Did you know that skin cancer is the most commonly diagnosed type of cancer among U.S. residents? In almost all cases, skin cancer is highly curable when it is detected in its early stages. Unfortunately, the disease can still be deadly, especially when patients receive a delayed diagnosis. To reduce the risk of a delayed diagnosis as the result of medical malpractice or other factors, patients can become proactive self-advocates. During this May, which is the Melanoma/Skin Cancer Detection and Prevention Month, attorneys who handle medical malpractice cases encourage families to take charge of their health.
Skin Cancer Awareness
To promote greater awareness of the dangers of this deadly disease, the University of Michigan Health System has published some startling statistics. According to the university, about 40 to 50 percent of individuals who live to age 65 will be diagnosed with skin cancer at least once. Nearly 74,000 new melanomas were expected to be diagnosed in 2015 alone. According to the published report, fortunately, when melanoma is detected and treated before it spreads beneath the skin, the five-year survival rate is about 97 percent.
Skin Cancer Detection
Patients are encouraged to check themselves and their loved ones regularly for signs of abnormal skin changes, such as new growths, unusual pigmentation, and changes in sensation. It’s also highly advisable to schedule a skin cancer screening with a dermatologist every year. An annual wellness exam with a primary care physician will not necessarily involve an examination of all areas of the skin and so should not be relied upon to detect skin cancers. In addition to your visible skin, a dermatologist should also check your scalp.
Skin Cancer Prevention
Skin cancers are among the most preventable types of cancers. Certain risk factors, such as old age, gender, and family history are not modifiable. However, you can take certain steps to reduce your risk. Avoid unnecessary sun exposure and tanning beds. If you do go outdoors, apply sunscreen 30 minutes before leaving your home and reapply it every two hours. It is also a good idea to wear a hat if you areo going to be in the sun for prolonged periods of time.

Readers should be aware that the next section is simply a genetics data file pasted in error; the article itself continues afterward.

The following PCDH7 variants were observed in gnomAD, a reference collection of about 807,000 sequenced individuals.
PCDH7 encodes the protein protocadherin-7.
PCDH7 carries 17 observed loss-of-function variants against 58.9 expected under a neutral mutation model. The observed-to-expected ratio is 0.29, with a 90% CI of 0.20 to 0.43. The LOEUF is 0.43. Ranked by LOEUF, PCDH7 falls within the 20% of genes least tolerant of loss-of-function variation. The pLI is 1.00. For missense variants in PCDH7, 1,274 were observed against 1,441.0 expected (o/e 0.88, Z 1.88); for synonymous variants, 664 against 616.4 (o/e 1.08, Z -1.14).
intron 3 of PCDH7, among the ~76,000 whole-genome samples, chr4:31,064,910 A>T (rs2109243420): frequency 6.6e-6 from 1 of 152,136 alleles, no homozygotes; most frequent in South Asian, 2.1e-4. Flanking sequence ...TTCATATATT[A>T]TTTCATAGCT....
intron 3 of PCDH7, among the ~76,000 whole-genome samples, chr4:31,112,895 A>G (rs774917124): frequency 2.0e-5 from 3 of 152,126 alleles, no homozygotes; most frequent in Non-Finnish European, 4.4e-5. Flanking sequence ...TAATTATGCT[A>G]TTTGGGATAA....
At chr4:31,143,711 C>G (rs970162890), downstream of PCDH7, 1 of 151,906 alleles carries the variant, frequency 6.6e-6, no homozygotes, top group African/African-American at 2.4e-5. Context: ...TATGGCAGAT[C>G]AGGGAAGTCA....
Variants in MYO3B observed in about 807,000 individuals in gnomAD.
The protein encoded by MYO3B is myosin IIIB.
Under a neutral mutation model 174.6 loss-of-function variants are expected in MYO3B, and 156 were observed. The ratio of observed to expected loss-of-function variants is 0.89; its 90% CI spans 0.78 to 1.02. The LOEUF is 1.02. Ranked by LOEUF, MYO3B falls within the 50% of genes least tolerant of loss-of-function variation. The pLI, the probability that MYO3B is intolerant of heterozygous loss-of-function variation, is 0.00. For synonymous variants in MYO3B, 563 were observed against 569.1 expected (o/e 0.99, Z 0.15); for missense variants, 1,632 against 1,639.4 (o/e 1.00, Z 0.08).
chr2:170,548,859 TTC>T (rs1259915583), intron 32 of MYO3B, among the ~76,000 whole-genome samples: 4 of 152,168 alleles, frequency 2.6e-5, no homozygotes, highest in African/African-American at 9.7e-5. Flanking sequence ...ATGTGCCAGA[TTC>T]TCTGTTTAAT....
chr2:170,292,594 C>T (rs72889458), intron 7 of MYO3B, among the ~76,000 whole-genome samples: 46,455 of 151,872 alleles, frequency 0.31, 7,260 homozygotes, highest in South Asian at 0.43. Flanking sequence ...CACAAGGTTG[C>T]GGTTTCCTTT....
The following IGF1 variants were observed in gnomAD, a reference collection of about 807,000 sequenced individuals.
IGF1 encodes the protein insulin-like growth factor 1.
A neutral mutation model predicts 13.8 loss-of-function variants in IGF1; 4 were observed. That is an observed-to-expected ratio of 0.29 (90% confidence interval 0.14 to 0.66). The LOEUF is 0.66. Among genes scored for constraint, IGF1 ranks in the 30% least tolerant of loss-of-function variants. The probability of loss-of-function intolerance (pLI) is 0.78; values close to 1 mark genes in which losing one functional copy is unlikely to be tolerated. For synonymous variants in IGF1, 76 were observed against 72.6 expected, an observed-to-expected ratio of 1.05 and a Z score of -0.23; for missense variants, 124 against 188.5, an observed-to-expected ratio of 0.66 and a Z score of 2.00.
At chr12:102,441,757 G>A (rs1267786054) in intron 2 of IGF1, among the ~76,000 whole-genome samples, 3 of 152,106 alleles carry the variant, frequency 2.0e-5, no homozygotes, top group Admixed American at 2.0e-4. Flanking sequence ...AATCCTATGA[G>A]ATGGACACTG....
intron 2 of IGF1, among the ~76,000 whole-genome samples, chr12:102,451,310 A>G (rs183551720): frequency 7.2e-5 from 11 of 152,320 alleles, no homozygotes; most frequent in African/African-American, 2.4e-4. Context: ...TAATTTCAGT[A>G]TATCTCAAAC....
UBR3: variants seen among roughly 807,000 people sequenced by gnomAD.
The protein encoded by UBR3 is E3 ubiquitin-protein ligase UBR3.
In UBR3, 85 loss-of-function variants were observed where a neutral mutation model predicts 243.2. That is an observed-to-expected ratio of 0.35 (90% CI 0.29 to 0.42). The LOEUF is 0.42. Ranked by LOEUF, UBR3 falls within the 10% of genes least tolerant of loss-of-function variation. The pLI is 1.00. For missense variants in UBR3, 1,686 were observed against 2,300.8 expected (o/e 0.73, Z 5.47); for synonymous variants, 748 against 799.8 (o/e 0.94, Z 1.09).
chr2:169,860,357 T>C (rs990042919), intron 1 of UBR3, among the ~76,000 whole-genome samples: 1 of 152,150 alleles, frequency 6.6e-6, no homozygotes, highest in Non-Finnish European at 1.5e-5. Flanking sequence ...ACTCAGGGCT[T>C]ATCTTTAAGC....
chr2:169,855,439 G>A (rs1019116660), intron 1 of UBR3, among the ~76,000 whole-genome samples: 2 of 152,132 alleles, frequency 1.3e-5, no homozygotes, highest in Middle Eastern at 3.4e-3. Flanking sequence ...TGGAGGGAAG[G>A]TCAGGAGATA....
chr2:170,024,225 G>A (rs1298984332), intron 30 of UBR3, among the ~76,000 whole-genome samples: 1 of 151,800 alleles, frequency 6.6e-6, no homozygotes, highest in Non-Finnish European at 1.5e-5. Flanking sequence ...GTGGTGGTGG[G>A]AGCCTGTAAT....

If you believe that you received a delayed skin cancer diagnosis because of medical negligence, the malpractice law firm of Pegalis & Erickson, LLC is here to help. For more than 40 years, our medical malpractice lawyers have served residents of Long Island, New York and beyond. Call us at (516) 684-2900 to speak with an attorney free of charge.
The following is our formal comment to the widespread news reports about a recent study by researchers at Johns Hopkins Medicine, and their open letter to the CDC asking that medical errors be listed and ranked as the third leading cause of death in the United States. The reports highlighted the lack of tracking and reporting of vital statistics that can hinder research and has kept problems out of the public eye.
The debate over how (and how often) medical errors cause harm has been politicized for decades, with the messaging largely controlled by insurance and medical establishment interests. What is often lacking, however, is data, based on science, to define the problem. This new (Johns Hopkins) study appears to address that gap and sheds a little light on the issue. As lawyers who devote our careers to representing individuals and families whose lives have been sidetracked by medical negligence, we are well aware of the medical community’s propensity to sweep these questions under the rug. That community should stop blaming injured patients and the civil justice system for its own shortcomings, should put its house in order, and should accept accountability for injuries and death caused by negligent conduct. Pegalis & Erickson, Attorneys at Law.